Report filed against justice court candidate
Published 12:04 am Friday, November 3, 2017
NATCHEZ — A business dispute resulted in a civil report being filed against a southern district justice court judge candidate by his former business partner this week.
The candidate, Danny Barber, said his former partner’s claims are false and the timing of the filing is politically motivated. The election is Tuesday.
“We closed the business last September,” Barber said. “Why is he waiting until this moment, a few days before the election?
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“I have not done anything. It was just a business deal that went bad.”
Kevin Wilson on Wednesday filed a civil report with an Adams County Sheriff’s Office deputy about missing money from a business venture Wilson and Barber were partners in — Natchez Auto Body Shop LLC on U.S. 61 North. Wilson said the timing is related to a back and forth with his accountant and his learning by accident a second bank account under the name Natchez Auto Body exists in Barber’s name and holds a large amount of money.
“Like most things in this world, this is motivated by money,” Wilson said. “I was dreading doing this. I put it off and put it off, but it just needed to be done.
“If you look in justice court, you will find that everyone who owes me money, I am going after them.”
Wilson said he has not given money to any candidate, but Wilson did allow justice court judge candidate Jack Blaney to place signs in his yard.
Blaney said he is self-funding his campaign and has not taken money from Wilson or anyone else.
Adams County Sheriff Travis Patten said since Barber is a former deputy the sheriff’s office was referring the investigation to the Mississippi Bureau of Investigation. Patten said if the MBI cannot take the case, it would be referred to the Mississippi Attorney General’s Office.
Barber said in September 2014 he invited Wilson to buy out Barber’s other partners in what was then called Natchez Body Shop. Wilson reports he invested $46,500 initially for operating costs of the business. Wilson said he contributed more money to the business over the approximately two years of operation.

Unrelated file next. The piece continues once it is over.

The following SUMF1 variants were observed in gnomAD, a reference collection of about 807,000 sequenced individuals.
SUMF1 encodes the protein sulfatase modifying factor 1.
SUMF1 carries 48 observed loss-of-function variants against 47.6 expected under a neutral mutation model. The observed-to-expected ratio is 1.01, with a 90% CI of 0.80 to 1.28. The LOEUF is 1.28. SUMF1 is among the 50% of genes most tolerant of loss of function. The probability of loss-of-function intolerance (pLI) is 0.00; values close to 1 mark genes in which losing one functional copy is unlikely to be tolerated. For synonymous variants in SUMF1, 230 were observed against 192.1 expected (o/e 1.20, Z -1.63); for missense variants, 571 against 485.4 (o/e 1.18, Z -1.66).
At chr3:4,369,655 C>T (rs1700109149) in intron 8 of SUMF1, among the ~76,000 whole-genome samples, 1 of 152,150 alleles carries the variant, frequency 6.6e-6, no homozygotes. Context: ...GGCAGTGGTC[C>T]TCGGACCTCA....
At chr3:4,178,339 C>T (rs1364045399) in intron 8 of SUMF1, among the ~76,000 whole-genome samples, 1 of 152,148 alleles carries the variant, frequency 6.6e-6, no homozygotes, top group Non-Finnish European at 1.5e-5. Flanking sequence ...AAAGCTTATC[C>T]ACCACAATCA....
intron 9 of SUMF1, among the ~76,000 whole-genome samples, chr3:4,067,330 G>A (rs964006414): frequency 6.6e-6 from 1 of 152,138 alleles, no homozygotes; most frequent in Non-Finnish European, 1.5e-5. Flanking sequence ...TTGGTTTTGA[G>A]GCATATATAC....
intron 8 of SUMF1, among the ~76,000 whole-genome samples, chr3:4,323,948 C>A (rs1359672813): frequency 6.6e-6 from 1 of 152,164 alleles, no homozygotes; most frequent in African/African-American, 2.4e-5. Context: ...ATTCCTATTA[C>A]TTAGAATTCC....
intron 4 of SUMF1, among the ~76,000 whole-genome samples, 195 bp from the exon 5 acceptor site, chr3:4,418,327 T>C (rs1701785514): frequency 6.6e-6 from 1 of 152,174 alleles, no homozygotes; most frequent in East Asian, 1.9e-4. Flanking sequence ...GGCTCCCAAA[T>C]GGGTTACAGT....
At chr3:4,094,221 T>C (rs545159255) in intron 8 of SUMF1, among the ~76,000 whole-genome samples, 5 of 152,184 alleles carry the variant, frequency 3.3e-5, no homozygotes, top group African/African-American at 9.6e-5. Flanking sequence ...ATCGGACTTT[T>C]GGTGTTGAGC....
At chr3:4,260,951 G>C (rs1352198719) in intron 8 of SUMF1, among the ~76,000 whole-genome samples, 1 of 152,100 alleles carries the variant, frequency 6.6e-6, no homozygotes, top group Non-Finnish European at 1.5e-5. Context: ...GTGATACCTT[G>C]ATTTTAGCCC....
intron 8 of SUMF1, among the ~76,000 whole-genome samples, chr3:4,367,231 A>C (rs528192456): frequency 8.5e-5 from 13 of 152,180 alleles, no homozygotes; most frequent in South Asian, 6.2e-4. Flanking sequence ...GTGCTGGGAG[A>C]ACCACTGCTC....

Barber said Wilson is shortchanging what he gave initially. Barber said not all of the money was for operating costs, as some was buying the business’s equipment.
Barber said Wilson did not buy the rights to the business name, and that required them to rename the company to Natchez Auto Body Shop. Barber said the name change was the beginning of the end, as State Farm dropped their contract due to a requirement that the business be in operation for three years.
“We were surviving, but it was going downhill,” Barber said.
After 18 months without the State Farm contract, Barber said he spoke to Wilson about getting out. Barber said he liquidated the equipment and gave all the proceeds to Wilson. Barber said the shop closed last September.
Barber said he then walked away from the business with nothing.
Barber said the money in the other account is not anything sinister. Barber said it is an approximately $30,000 check from British Petroleum’s 2010 oil spill settlement claim he plans to disburse to he and his original partners at the end of the year due to advice from his accountant.
Wilson, who also said he never made money in the failed business, said the Natchez Auto Body Shop failure is not as simple as a business hitting a rough patch and going under.
Even if the money in the other account is related to a settlement before Wilson’s time with the business, Wilson said he had been investigating the business transactions before he found out about the second account. Wilson said he would not put an exact dollar figure on what Barber might owe at this time.
“I know for two years he and his son lived off that business, and I never got a dime,” Wilson said. “He has a lot of questions to answer.”